“Privacy” is widely recognized as a legal right, but with a range of different meanings. These include restraints on intrusion into the home, confidentiality of correspondence, freedom to make certain fundamental decisions, control of personal data, anonymity, and many others. Countries differ as to the specific understandings of privacy their laws protect and whether those understandings apply equally against the government and private sector entities.
Since the end of World War II, international legal agreements have recognized privacy as a human right because “laws protecting privacy are the means through which the collective acknowledges rules of civility that are designed to affirm human autonomy and dignity” (Smolla 1992, 119). The Universal Declaration of Human Rights provides that “no one shall be subject to arbitrary interference with his privacy, family, home, or correspondence.” The International Covenant on Civil and Political Rights and the European Convention on Human Rights contain identical provisions. The “Right to Privacy” clause of the American Convention on Human Rights likewise provides that “no one may be the object of arbitrary or abusive interference with his private life, his family, his home, or his correspondence.”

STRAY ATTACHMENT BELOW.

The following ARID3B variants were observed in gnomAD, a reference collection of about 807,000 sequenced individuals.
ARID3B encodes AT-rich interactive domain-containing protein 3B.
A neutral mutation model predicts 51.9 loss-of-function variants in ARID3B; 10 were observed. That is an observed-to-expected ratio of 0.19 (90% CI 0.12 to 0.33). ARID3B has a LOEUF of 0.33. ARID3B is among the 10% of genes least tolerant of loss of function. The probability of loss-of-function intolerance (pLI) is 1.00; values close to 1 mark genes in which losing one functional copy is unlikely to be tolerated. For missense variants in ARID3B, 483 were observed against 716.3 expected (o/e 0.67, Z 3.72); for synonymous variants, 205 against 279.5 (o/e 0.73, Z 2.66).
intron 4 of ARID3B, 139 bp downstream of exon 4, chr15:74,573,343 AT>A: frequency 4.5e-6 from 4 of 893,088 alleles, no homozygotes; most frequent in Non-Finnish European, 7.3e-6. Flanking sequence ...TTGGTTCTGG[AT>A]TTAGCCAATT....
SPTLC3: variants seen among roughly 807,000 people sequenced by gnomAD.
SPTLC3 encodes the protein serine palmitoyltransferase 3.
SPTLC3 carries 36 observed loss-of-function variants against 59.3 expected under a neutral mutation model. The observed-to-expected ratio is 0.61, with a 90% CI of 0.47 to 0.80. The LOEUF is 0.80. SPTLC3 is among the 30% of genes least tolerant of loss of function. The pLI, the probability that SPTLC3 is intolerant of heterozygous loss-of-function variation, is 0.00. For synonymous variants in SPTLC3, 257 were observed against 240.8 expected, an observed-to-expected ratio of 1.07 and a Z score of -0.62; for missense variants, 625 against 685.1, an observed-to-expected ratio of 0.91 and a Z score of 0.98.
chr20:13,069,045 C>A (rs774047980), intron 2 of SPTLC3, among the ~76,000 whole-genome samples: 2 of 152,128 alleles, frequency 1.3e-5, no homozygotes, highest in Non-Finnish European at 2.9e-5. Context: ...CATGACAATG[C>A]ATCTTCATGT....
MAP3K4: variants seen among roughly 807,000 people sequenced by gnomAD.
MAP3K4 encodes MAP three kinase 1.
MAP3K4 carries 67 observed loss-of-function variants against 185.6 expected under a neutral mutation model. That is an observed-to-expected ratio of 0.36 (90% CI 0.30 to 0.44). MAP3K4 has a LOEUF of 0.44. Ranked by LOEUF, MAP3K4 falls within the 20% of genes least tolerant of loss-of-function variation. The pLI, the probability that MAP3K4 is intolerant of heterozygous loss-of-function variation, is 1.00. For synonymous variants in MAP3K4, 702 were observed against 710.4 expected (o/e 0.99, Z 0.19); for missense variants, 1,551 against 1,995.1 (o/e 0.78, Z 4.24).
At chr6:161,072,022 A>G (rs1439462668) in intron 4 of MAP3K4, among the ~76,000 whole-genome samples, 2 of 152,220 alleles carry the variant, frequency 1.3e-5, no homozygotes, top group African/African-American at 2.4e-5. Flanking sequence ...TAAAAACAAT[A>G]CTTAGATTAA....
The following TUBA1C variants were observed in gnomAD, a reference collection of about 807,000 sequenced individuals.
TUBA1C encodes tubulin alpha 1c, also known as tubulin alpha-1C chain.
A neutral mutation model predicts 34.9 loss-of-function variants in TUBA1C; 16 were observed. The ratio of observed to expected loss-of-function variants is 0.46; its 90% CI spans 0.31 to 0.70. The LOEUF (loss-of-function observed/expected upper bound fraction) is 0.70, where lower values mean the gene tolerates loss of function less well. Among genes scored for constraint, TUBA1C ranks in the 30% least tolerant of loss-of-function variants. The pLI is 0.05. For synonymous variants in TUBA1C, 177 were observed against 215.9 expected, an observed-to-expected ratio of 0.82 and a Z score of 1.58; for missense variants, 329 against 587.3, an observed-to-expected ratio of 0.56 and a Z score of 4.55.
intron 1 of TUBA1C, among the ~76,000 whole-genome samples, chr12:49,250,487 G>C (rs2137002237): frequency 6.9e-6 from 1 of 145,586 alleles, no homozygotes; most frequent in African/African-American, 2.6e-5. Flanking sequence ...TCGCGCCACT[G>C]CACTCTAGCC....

Comparative Law: Constitutions, Statutes, And Common Law
A number of countries recognize privacy in their constitutions. For example, the South Korean Constitution states: “The privacy of no citizen shall be infringed.” Similarly, the Basic Law of Germany protects privacy as part of “human dignity,” “inviolability of the home,” and the “privacy of correspondence, posts and telecommunications.” Other countries in which privacy emanates from constitutions include Brazil, Ireland, India, Japan, the Netherlands, Russia, and the United States.
In addition to the constitutional guarantee of privacy, many nations regulate privacy as a civil or criminal offense through statutes. This is true in the 27 member countries of the European Union, which are required by the 1995 EU Data Protection Directive to adopt omnibus data protection laws applicable to both the government and the private sector. Although many European nations had adopted privacy laws prior to the Directive taking effect in 1998, the Directive significantly increased the scope and burden of privacy law throughout Europe. Argentina, Australia, Canada, Hong Kong, Japan, Singapore, South Korea, Switzerland, Taiwan, and other nations have also adopted broad data protection statutes. Common law has also played a significant role in evolving privacy requirements, especially in the United States and New Zealand.